“I thought elders were supposed to lead! This isn’t a democracy where they take a congregational poll!”
“They seem to have no regard for the opinions of the church. They just decide and move on without considering the church!”
It isn’t easy being an elder. So often, they just can’t win. I’ve heard the above comments from the same members—at different times over different issues. The position they express (Lead more! or Listen more!) depends on which side they’re on.
If it looks like the elders are going to make a decision that I agree with but that many in the church disagree with, then I’m leaning into their responsibility to lead. Shepherds lead the sheep!
If it looks like the elders are going to press forward with something I don’t like, then I’m going to squawk about how they aren’t dictators. Shepherds don’t trample over the sheep!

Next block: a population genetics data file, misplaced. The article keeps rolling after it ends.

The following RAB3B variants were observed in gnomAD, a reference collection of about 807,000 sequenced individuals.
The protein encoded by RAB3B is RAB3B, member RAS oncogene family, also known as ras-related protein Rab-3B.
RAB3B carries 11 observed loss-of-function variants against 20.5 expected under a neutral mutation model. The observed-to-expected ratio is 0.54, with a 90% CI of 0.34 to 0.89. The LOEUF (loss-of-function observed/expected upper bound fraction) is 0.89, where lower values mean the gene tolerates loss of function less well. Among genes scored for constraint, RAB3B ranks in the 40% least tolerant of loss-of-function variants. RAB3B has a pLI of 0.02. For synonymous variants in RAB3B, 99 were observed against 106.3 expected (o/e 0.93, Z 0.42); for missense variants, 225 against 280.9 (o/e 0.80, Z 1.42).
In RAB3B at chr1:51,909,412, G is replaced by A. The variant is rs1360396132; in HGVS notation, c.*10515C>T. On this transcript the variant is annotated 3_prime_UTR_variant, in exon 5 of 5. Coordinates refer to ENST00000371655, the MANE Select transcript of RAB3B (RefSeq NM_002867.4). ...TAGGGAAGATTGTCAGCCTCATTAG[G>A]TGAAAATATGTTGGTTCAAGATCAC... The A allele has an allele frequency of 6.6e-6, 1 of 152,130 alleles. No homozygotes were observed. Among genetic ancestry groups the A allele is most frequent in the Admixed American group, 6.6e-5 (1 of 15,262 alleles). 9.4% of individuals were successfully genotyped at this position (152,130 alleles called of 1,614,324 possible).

Alas, it’s hard to win this one as elders.
The truth is that elderships must do both: they must stay in close touch with the church. They must listen to the voices of all the sisters and brothers in a church. Discernment is an important part of the process of decision-making. AND they must eventually decide. And it seems increasingly (as with American politics) that there is fall-out with every decision. It’s too much. Or it isn’t enough.
This is the point in a great blog where a seasoned minister gives the answer to this dilemma.
I don’t have one. If I did, I’d open a consulting business and get rich.
I’m only pleading with people to see the challenge. And perhaps be a bit more compassionate. Press hard. Pray hard. Make your case. But do your very best to make the hard work of leading a joyful one.
And I know: it can’t always be.